We can’t all live like dot-com millionaires (the ones that haven’t flamed out or fled to Central America anyway), but you can still drive something a little more prestigious than your mom’s old Pontiac Sunfire. There are a number of affordable cars out there that can provide you with the performance and refinement you’ve always dreamt of in a car. We asked our expert panel to look at five entry-level luxury vehicles that offer the best blend of value, safety and premium performance. The results show that German-made cars still lead the pack, but Japanese and even North American cars are also faring well.
Volvo C30 | $29,500
“Safety first” has always been the unofficial motto of Volvo, so it should come as no surprise that this distinctive little compact is loaded with technology to keep drivers out of harm’s way. Along with the usual luxury options like blind spot detection, Volvo offers its Intelligent Driver Information System, which automatically delays distracting phone calls or messages when it detects intense steering, braking or acceleration. Despite all these features, our panelist panned the C30 for its lack of punch and performance. “It’s a bit lackluster in its ride and handling,” says Gentile, not to mention “a bit boring on the exterior.” Concurs Rolczewski, “The Volvo C30 is like a knock-off designer purse. It looks good, serves the purpose, but you know it’s just not a real luxury.”
Buick Verano | $22,895
Our only North American entry but the most affordable. This compact sedan is trying hard not to be your grandfather’s Buick, but opinions are mixed on whether it has succeeded in shaking off its stodgy image. Dave Redinger certainly thinks it has. He says the Verano combines great style and great value. “When I first saw this car I thought it was from Acura.” Rolczewski, however, isn’t quite sure this car has the pedigree to compete with the likes of BMW or Audi. “Does the Buick scream, ‘Look Ma, I’ve made it!’ No, but it does show you like comfort and value,” she says. But Iny does see comparisons to the Audi A3 because of its “luxury interpretation in a small package” and notes the Verano has become Buick’s bestselling car by far.
Lexus CT 200h | $31,450
Another hatchback and the only hybrid on our list. Normally, the fuel-saving combination of an electric motor and small gas engine comes with a price premium, but the CT 200h is actually the least expensive Lexus you can buy. That’s prompted strong sales, but not all our experts are sold on this car’s value. “It’s like a Prius wrapped in a pricey wolf’s clothing,” says Bouchama, noting these vehicles share the same engine. As such, performance is not the CT 200h’s strong suit either, but, Gentile says, there’s still much to love with this little Lexus. “The ride won’t get your blood flowing. But it appeals to a young professional who is interested in saving gas and still wants to drive in luxury.” As with any Lexus, predicted reliability is excellent and resale value should be high.
Audi A3 | $34,100
Our other Deutsch delight is one of three hatchbacks in our line-up. The A3 is a real looker but getting a little long in the tooth. A new version is already on the streets in Europe but buyers here will have to wait until summer to see it arrive in dealer showrooms. Despite its age, our experts had high praise for the opulent Audi. “For years this has been the most luxurious compact hatchback any manufacturer dared to try to sell in North America,” says Iny. Adds Nika Rolczewski, “The only thing differentiating this baby from the pricier Audis is the size. The performance is there, the finish is crisp, and the components and materials have a richness to them that is the basis for any luxury automobile.”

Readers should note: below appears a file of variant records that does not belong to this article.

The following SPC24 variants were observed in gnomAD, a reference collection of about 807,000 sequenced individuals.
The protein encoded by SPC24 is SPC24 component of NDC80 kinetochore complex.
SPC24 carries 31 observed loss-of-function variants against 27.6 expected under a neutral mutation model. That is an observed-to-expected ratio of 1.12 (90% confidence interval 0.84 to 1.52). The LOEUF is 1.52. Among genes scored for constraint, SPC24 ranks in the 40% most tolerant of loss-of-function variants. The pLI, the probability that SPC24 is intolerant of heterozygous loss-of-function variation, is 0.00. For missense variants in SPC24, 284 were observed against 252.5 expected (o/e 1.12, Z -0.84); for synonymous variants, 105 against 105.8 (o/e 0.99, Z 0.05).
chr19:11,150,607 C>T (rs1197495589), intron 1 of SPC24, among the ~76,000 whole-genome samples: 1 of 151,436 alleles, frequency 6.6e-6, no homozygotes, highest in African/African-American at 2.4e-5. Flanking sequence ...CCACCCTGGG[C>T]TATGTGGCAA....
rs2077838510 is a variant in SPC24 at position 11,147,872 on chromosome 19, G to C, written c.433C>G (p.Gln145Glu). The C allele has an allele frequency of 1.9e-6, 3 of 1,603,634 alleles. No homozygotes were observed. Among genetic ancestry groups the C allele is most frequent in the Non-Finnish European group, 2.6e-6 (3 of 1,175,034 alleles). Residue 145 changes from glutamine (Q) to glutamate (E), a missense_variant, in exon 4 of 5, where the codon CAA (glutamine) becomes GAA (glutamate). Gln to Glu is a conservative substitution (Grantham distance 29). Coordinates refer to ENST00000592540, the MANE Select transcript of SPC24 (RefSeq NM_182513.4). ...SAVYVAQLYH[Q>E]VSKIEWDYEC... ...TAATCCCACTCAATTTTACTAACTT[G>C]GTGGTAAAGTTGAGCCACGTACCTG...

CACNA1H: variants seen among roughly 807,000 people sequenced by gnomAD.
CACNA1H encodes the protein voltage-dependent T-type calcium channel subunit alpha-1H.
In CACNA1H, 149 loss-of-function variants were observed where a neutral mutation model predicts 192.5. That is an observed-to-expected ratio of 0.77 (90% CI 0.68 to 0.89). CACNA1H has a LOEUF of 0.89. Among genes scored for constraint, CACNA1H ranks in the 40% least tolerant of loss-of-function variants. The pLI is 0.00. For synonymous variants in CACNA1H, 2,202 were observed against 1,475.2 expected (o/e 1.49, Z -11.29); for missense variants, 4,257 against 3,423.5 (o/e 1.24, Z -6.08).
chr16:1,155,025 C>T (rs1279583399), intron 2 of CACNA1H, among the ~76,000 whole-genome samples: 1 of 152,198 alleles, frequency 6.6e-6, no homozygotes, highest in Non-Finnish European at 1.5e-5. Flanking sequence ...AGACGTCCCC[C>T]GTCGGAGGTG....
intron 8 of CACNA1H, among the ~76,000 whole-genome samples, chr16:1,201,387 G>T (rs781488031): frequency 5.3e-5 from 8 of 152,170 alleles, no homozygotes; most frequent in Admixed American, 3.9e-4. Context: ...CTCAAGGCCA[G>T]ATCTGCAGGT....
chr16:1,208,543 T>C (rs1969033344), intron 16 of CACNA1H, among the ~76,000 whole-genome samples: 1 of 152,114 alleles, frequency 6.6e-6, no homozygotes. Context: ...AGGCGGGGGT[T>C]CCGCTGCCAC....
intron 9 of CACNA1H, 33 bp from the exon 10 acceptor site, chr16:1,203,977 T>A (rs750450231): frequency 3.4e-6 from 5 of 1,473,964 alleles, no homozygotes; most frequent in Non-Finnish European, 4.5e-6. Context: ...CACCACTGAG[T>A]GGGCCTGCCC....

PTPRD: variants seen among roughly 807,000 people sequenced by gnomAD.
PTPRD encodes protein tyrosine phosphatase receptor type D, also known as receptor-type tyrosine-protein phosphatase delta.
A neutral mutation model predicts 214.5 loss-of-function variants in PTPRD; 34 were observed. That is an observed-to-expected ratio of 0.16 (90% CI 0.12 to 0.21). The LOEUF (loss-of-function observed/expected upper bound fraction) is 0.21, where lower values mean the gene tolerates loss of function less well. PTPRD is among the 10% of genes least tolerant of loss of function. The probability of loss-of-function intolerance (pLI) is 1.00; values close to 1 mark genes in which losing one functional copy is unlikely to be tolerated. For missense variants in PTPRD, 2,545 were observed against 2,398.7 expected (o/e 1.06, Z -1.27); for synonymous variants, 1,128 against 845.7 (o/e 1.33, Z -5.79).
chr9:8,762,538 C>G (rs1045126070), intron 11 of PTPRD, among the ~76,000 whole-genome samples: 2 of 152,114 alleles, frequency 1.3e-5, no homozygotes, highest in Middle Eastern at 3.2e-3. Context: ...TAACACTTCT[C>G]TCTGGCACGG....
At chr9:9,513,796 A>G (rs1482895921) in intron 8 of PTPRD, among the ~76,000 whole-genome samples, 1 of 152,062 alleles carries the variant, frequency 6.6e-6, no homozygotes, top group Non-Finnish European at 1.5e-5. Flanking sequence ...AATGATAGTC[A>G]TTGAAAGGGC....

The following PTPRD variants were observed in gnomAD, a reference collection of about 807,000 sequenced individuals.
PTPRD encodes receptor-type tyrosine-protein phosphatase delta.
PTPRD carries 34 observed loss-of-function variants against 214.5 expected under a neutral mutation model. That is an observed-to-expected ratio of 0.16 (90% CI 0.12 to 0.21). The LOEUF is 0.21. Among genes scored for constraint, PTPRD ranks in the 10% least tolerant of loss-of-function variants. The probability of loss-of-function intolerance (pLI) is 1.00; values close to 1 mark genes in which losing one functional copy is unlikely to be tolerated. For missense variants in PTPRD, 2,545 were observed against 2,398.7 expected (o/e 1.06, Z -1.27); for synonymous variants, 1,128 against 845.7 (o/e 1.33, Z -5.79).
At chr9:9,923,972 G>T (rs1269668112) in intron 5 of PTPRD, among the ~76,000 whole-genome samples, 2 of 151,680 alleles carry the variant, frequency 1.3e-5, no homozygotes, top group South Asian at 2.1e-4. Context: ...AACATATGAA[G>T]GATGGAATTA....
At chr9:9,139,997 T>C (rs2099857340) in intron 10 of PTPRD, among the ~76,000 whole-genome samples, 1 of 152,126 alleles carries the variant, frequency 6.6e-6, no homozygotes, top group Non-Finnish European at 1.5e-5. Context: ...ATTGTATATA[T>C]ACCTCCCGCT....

BMW 3 Series wagon | $39,900
Known as “Bimmers” or “Beemers” to some, these products of the Bavarian Motor Works are often touted as the ultimate driving machines. “It’s definitely a driving enthusiast’s car,” says Mohamed Bouchama. “The BMW would be my No. 1 choice.” Petrina Gentile is equally impressed. “The ride and handling is sporty, dynamic and spirited,” she says. “This would be my go-to pick.” The 3 Series Wagon received a fresh makeover for 2013 that includes better fuel efficiency, more legroom for backseat passengers and even more safety features than ever. Some of our panelists bemoan the move away from six-cylinder to smaller turbo-charged engines. But they still say the performance and pedigree of this BMW leaves the others in its dust. And although it may be the priciest of our picks, George Iny says a soft European market means more 3 Series models have been flooding our shores, resulting in lower prices and very aggressive leasing offers.
How we came up with the numbers
Vehicle prices reflect the manufacturer’s suggested retail price without options or destination charges. For the cost of ownership, we used data from Edmunds.com, converted to Canadian dollars. Remaining scores are based out of 10; the higher the number, the better the value offered. Safety is based on ranking data available from IIHS and NHSTA, the leading authorities in the U.S. Reliability is based on Consumer Reports data gathered from vehicle owner questionnaires. Driving experience is the average score for each model provided by our expert panel. To obtain our overall value out of 100, 20% reflects cost of ownership, 20% reliability, 10% safety and 50% driving experience.
George Iny: President of the Automobile Protection Association
Dave Redinger: Host of the Neighbourhood Mechanic on AM740 Radio
Mohamed Bouchama: Executive Director of Car Help Canada
Petrina Gentile: Producer of CTV’s and BNN’s Car/Business
Nika Rolczewski: Automotive columnist for the Toronto Star